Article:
NASCAR Hall of Fame
by Yolanda Vazquez
Since the 1920's, backyard mechanics have been souping up Detroit iron to see just how fast they could run. But, it was the 1947 founding of NASCAR that brought stock car racing out of the backwoods and into the super speedway. And like any super sport, it deserves a place to honor its own. That's where FYI reporter Yolanda Vazquez crossed the finish line.
Charlotte, North Carolina, home to NASCAR's most winning teams and drivers, and now the perfect setting for motorsports newest treasure, the NASCAR Hall of Fame. At this sprawling 150,000 square foot facility, visitors can learn about the history and heritage of stockcar racing. From its humble beginnings in the '30s and '40s, to its current-day status as one of America's most popular professional sports.
JEREMY MIDDLETON: I think the reason why NASCAR is so successful is because they're loyal to the fans, they make it more fan friendly.
And now fans can experience the excitement of this high-octane sport at a family-friendly venue filled with more than 50 interactive displays.
WINSTON KELLEY: This particular exhibit can scan a part and it can tell you what the part is, but also what that part does on a race car.
Executive Director Winston Kelley takes me on a tour of race week, a behind-the-scenes look at what teams do to prep for a race. Highlights include a recreated car shop and a full-size transporter.
WINSTON KELLEY: It's our shop on wheels, it's the locker room, it's a multifaceted facility…so you can actually go in there and see what it's like.
Another popular area is the pit crew challenge. Visitors try their hand at servicing a race car in under 30 seconds. Most agree it's a lot harder than it looks on TV
TIM MIDDLETON: You know, I've watched those guys week after week after week saying, "Oh, I can probably do that," but it ain't quite so easy to lift that gas can and run that jack. So, you know, you kind of get an idea of what they go through.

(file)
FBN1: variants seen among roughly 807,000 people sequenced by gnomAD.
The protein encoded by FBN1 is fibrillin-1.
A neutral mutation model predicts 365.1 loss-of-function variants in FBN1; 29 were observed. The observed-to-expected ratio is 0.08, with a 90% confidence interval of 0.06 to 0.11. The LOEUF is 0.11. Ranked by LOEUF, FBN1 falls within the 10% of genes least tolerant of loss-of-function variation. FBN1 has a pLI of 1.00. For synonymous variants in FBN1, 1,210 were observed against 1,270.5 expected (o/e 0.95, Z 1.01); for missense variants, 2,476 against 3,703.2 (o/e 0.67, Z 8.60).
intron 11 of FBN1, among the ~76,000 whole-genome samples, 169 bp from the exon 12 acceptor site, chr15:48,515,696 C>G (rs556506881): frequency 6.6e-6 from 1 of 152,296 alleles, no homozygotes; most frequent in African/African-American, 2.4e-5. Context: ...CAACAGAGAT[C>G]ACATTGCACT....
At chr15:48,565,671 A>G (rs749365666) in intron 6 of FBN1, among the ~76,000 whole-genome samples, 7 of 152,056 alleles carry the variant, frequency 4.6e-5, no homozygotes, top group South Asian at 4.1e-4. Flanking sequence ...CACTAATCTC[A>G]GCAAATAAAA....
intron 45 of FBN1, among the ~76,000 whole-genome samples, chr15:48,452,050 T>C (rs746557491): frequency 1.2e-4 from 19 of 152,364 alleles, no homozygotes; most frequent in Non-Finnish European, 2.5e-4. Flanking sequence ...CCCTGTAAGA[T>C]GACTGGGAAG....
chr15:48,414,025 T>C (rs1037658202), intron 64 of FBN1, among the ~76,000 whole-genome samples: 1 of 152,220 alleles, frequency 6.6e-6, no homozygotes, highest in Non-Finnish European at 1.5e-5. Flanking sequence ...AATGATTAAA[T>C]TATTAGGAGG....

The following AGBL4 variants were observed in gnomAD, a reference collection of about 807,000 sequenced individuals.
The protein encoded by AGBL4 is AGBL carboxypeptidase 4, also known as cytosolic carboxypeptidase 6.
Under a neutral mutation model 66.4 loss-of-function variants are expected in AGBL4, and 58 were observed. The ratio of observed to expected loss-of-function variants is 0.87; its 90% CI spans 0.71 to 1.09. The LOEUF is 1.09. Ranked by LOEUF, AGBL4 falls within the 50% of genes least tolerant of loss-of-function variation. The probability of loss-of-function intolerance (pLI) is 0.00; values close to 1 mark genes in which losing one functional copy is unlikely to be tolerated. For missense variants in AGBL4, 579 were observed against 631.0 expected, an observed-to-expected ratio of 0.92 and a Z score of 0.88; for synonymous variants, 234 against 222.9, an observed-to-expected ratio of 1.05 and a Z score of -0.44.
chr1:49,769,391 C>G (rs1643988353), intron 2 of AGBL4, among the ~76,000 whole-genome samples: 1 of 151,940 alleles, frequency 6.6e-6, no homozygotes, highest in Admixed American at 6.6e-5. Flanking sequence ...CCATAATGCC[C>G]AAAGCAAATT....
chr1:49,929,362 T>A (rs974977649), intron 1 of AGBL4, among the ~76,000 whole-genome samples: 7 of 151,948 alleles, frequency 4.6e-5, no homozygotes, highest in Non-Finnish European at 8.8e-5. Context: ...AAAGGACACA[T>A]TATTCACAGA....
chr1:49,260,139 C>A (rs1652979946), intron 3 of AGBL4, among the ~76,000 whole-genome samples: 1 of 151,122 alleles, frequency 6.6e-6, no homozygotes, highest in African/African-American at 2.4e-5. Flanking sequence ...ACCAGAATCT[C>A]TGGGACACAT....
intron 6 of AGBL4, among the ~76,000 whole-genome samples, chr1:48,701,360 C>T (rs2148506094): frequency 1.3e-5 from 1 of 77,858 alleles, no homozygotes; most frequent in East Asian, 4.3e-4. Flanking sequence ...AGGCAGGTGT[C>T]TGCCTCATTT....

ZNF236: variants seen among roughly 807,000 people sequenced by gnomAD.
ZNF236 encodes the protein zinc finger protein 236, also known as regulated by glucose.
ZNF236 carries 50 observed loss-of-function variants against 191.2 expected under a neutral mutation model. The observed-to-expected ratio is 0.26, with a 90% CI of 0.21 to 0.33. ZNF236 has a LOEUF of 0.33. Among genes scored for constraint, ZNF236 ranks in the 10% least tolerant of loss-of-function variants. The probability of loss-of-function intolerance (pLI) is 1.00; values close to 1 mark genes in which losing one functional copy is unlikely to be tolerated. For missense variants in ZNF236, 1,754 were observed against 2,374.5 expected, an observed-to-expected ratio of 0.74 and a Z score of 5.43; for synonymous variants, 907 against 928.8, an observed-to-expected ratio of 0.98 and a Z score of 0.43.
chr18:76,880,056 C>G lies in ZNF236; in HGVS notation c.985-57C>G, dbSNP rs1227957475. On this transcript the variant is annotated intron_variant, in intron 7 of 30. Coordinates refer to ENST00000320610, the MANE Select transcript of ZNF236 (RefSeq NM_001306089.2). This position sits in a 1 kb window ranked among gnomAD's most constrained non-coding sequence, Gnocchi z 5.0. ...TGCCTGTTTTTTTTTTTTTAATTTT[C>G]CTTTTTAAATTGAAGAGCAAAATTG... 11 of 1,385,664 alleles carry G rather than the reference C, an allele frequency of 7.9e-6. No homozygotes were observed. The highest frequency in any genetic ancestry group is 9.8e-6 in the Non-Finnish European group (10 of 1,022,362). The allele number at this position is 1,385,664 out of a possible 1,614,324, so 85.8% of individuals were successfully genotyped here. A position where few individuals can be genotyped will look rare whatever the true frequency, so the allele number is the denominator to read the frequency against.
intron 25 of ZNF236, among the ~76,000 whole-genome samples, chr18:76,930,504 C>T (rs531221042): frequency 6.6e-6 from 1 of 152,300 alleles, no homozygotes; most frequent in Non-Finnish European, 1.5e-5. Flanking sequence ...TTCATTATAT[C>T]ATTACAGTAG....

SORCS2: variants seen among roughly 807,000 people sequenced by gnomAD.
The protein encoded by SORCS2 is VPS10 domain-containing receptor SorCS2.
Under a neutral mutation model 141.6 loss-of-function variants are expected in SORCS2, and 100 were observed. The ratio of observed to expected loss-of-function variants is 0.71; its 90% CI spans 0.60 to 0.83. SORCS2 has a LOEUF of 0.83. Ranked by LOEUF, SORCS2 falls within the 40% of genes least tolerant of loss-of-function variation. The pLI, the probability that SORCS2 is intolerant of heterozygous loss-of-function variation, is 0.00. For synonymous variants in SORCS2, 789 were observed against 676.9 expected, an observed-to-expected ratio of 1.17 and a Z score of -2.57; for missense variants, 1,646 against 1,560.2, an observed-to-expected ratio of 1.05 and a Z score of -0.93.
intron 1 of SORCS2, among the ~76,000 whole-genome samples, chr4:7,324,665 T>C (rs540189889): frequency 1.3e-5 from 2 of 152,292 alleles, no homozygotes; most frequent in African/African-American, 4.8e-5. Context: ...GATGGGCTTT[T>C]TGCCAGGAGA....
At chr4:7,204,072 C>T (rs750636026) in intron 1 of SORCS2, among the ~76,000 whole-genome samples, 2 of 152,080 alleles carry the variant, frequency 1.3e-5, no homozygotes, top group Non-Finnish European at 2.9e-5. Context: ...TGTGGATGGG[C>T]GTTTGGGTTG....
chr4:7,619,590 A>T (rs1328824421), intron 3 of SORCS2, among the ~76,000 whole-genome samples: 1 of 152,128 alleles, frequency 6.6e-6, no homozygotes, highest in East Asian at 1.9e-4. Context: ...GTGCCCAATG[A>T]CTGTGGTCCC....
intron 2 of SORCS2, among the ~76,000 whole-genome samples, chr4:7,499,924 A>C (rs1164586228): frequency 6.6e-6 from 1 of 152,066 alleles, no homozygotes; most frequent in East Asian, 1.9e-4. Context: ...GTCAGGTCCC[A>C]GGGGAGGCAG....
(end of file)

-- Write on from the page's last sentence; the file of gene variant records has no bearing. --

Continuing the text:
A video from top NASCAR drivers prep participants for the race simulator. The ride is as realistic as it gets...
JENNIFER DAVIS: I don't know, it gives you the real experience…the feeling, the sound, that tight enclosed car experience. I loved it!
Heritage Speedway covers NASCAR's 60-plus year history with more than a thousand artifacts, including the first rulebook from 1948, and racecar legend "Fireball" Roberts' memorable red jacket. Those who helped organize the sport like Bill France, Sr. are profiled along with pioneers they've lost along the way. Honoring our legacy pays tribute to their accomplishments. And nowhere is this more evident than at the Hall of Honor. First-time inductees include the founder of NASCAR, Bill France, Sr., his son Bill France, Jr., racing legend Richard Petty, early NASCAR superstar Junior Johnson, and one of the more contemporary icons of the sport, Dale Earnhardt, better known as the "Intimidator."
TRAVIS KVAPIL: There's so many people that obviously are going to be inducted into the Hall of Fame in years to come, so many personalities, so many characters.
Sprint Cup driver Travis Kvapil marvels at how realistic the exhibits are at showing the true side of racing.
TRAVIS KVAPIL: It really gives you an inside look at what us competitors go through each and every weekend.
The popular driver, who won a NASCAR Truck Series championship in 2003, says the museum does a great job at chronicling the history of the sport.
TRAVIS KVAPIL: What's so cool about it is you get to walk through here and you get to see where the sport has come from, really from day one, just a thought, just a vision.
A vision beyond what anyone expected with a hall of fame that gives NASCAR the big league recognition it earns every race day.
TRAVIS KVAPIL: There's so much to do. It's just an amazing place.